When getting started with subsidiary ledgers, it is important to understand why they are used in accounting. First of all, there is no point in spending time working on something that is not yet understood.
In the past, most accounting systems have only general ledgers, which are the controlling accounts for constructing financial statements. It was an era in which financial transactions are recorded in physical cash books, journal books, and others. At present, many applications can automatically create subsidiary ledgers for tracking. It enables recording transactions that give more detail for an account in a general ledger. In the future, it is believed that subsidiary ledgers will still exist for the same purposes right now. Sub-ledgers would usually be created for cash in bank accounts and other GLs.
It is discussed in this post the rationality behind the usage of subsidiary ledgers in accounting. For instance, the reasons below are ordered based on the most important to the least important. It is usually believed that business owners want to know more about their customers and creditors, hence; they are listed first. However, people may believe that one reason is more important than the other, so there is no particular order in this post.
The reasons are listed below:
For tracking debtors and creditors
Subsidiary ledgers are used for tracking debtors and creditors. For example, it is like a bank where every client has an account number, and the bank maintains subsidiary ledgers to track each client’s transactions. Each client can request a bank statement for viewing all money transactions within a period. Furthermore, all transactions with debtors and creditors are recorded in a corresponding subsidiary ledger(s) for future reference. This allows for easy monitoring of payment patterns and helps identify clients who have an excellent track record of paying their dues. Moreover, it is easy to get customers’ data whenever needed when using SLs in accounting. Data retrieval should be speedy for business transactions.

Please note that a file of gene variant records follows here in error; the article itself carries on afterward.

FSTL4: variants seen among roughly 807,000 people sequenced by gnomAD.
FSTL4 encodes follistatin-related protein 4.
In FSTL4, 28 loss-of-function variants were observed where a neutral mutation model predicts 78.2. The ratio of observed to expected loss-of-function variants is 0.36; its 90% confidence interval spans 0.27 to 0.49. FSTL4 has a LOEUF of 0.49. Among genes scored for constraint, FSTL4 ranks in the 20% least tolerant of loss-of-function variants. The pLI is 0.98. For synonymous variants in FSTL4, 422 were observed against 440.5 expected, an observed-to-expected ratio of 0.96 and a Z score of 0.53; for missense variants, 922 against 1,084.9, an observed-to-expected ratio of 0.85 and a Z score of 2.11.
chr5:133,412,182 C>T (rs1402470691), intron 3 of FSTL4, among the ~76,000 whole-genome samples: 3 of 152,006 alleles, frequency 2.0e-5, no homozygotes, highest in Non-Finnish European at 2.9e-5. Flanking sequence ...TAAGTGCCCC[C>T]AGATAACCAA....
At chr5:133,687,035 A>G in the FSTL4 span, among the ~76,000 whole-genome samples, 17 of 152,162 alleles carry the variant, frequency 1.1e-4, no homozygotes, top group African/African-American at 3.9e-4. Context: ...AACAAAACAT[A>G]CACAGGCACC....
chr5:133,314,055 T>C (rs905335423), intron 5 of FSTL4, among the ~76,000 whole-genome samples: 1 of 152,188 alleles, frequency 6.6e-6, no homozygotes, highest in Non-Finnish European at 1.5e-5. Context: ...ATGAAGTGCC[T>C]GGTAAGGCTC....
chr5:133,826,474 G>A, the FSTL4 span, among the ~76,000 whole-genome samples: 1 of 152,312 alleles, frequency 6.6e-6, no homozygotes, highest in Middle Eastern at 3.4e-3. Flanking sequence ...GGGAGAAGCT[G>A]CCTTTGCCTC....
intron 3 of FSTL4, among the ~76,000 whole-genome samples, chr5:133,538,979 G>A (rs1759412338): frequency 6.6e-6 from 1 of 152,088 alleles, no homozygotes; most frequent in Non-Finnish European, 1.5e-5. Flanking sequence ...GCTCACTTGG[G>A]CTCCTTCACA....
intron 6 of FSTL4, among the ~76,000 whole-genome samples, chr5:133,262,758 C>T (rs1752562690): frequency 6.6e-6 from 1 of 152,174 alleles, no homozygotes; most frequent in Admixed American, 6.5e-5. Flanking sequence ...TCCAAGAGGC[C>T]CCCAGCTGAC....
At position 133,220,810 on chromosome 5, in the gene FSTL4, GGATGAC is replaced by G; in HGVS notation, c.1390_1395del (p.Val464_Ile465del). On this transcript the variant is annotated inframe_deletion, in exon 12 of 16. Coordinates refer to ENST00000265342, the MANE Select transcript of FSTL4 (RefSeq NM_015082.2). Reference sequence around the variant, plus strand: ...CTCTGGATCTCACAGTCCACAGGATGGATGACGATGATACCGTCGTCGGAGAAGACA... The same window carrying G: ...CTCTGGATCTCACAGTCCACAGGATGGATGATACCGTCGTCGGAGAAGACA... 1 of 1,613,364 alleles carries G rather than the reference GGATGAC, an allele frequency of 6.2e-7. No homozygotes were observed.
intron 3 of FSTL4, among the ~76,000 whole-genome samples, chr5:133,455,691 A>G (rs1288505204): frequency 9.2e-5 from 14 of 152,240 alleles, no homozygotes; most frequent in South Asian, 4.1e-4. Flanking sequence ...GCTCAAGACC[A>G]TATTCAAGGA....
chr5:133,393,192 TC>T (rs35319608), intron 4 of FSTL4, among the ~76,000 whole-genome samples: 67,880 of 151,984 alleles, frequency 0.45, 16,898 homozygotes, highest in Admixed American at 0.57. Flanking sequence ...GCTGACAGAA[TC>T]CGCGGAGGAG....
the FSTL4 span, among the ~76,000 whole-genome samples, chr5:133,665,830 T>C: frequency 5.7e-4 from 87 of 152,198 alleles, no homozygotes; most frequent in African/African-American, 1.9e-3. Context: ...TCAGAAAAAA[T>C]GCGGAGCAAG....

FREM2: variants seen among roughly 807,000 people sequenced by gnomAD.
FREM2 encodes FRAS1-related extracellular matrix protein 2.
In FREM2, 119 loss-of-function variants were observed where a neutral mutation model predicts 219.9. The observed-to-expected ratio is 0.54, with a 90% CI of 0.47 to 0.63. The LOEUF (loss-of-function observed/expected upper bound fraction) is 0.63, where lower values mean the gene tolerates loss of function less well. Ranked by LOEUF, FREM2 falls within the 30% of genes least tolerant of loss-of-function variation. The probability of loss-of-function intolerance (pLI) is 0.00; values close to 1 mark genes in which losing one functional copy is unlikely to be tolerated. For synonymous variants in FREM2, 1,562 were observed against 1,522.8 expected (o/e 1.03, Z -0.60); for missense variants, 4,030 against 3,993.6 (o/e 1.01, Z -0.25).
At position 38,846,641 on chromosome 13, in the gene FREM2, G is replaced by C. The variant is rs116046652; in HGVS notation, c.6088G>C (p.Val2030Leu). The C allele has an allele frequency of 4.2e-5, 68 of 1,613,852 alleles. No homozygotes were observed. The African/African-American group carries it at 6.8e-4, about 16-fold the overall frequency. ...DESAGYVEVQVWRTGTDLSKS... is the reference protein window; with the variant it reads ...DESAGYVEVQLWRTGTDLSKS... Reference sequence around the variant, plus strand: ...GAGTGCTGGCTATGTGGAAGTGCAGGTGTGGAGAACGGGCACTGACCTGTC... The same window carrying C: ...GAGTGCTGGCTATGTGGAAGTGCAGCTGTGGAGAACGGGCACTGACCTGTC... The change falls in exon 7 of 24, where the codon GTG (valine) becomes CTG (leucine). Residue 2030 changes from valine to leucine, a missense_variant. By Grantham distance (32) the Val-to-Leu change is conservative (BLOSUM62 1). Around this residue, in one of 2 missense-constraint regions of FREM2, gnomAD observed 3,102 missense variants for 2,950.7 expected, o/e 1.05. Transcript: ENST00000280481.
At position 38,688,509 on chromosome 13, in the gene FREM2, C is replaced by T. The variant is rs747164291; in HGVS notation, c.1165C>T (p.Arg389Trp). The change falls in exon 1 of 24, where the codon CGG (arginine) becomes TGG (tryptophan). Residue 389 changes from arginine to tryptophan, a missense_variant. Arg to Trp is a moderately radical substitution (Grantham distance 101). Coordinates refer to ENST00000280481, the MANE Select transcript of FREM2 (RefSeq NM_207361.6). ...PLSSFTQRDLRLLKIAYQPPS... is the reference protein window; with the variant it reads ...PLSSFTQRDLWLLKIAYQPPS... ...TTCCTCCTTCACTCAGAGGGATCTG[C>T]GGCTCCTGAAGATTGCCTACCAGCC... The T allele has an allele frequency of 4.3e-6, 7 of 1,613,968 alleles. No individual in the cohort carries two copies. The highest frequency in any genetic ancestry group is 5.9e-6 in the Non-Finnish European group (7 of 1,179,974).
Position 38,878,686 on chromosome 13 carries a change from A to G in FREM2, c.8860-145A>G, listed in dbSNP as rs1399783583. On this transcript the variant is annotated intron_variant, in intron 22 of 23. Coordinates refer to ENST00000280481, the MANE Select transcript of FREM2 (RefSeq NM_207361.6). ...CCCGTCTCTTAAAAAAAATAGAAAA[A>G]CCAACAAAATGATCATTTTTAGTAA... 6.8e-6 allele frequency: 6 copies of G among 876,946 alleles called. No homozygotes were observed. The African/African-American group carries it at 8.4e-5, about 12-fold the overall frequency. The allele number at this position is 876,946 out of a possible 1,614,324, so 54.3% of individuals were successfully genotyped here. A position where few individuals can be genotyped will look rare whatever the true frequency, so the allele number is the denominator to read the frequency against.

For monitoring bank accounts
A company may have few bank accounts that are required to run its operation effectively. For instance, expenses for money transfers are reduced by adding a bank account. Money transfers from one bank to another can be costly due to bank charges. Moreover, check clearing is faster, which can improve liquidity. Check collections from customers are credited immediately to a company’s account because the bank is the same as a check drawer. In addition, transactions with clients are more efficient and effective. Clients can pay easily online given that the banks are the same.
The reasons above require accounting to use subsidiary ledgers for monitoring bank accounts. For example, Bank A should have separate records from bank B. Mixing financial transactions on both banks is a recipe for disaster. Indeed, almost all businesses do not keep one bank account only. It is inefficient and costly. Surely, each bank is tracked in an SL because a CEO will not approve a check issuance, for example, without knowing the latest bank balance. It is grounds that the processing of checks involves accounting as well.
For tracking inventories
Inventories are also tracked with subsidiary ledgers, no matter what costing method is used. For example, an item is assigned an account number for control. Accounting software, as an illustration, usually allows users to create subsidiary ledgers for an inventory item. Moreover, with the FIFO method, the cost of goods sold is calculated from the previous cost up to the present. The calculation also requires recording the purchase costs of an inventory item through an SL. Furthermore, quantities of inventory items are also recorded and managed together with the said SL. Quantities of purchase are required to compute unit costs of goods sold.
For storing backup data
Subsidiary ledgers are usually printed every quarter for backup purposes. Indeed, most organizations do it in case database backups fail. It is a security procedure that is often recommended in accounting. Also, government agencies are required to submit subsidiary ledger balances to an auditor for review and backup purposes. The frequency would normally be quarterly. Moreover, storing data would enable fast retrieval of information in unforeseen events. Some events can be data corruption due to power outages and unavoidable software viruses.
For review and easy access to data
Subsidiary ledgers enable users to review, correct and access data faster and for business improvements. For instance, an auditor can request accounts receivable subsidiary ledgers and randomly select accounts for auditing. It enables an auditor to provide a reliable opinion on the financial statement and give recommendations to a company. Indeed, an accountant can likewise generate SLs to review whether there are errors in accounting. SLs can show negative balances when there are errors in recording in the books of accounts. Notably, management can also use a subsidiary ledger to identify non-paying customers for policy making. A policy can prohibit additional sales credit when the previous receivables are still outstanding.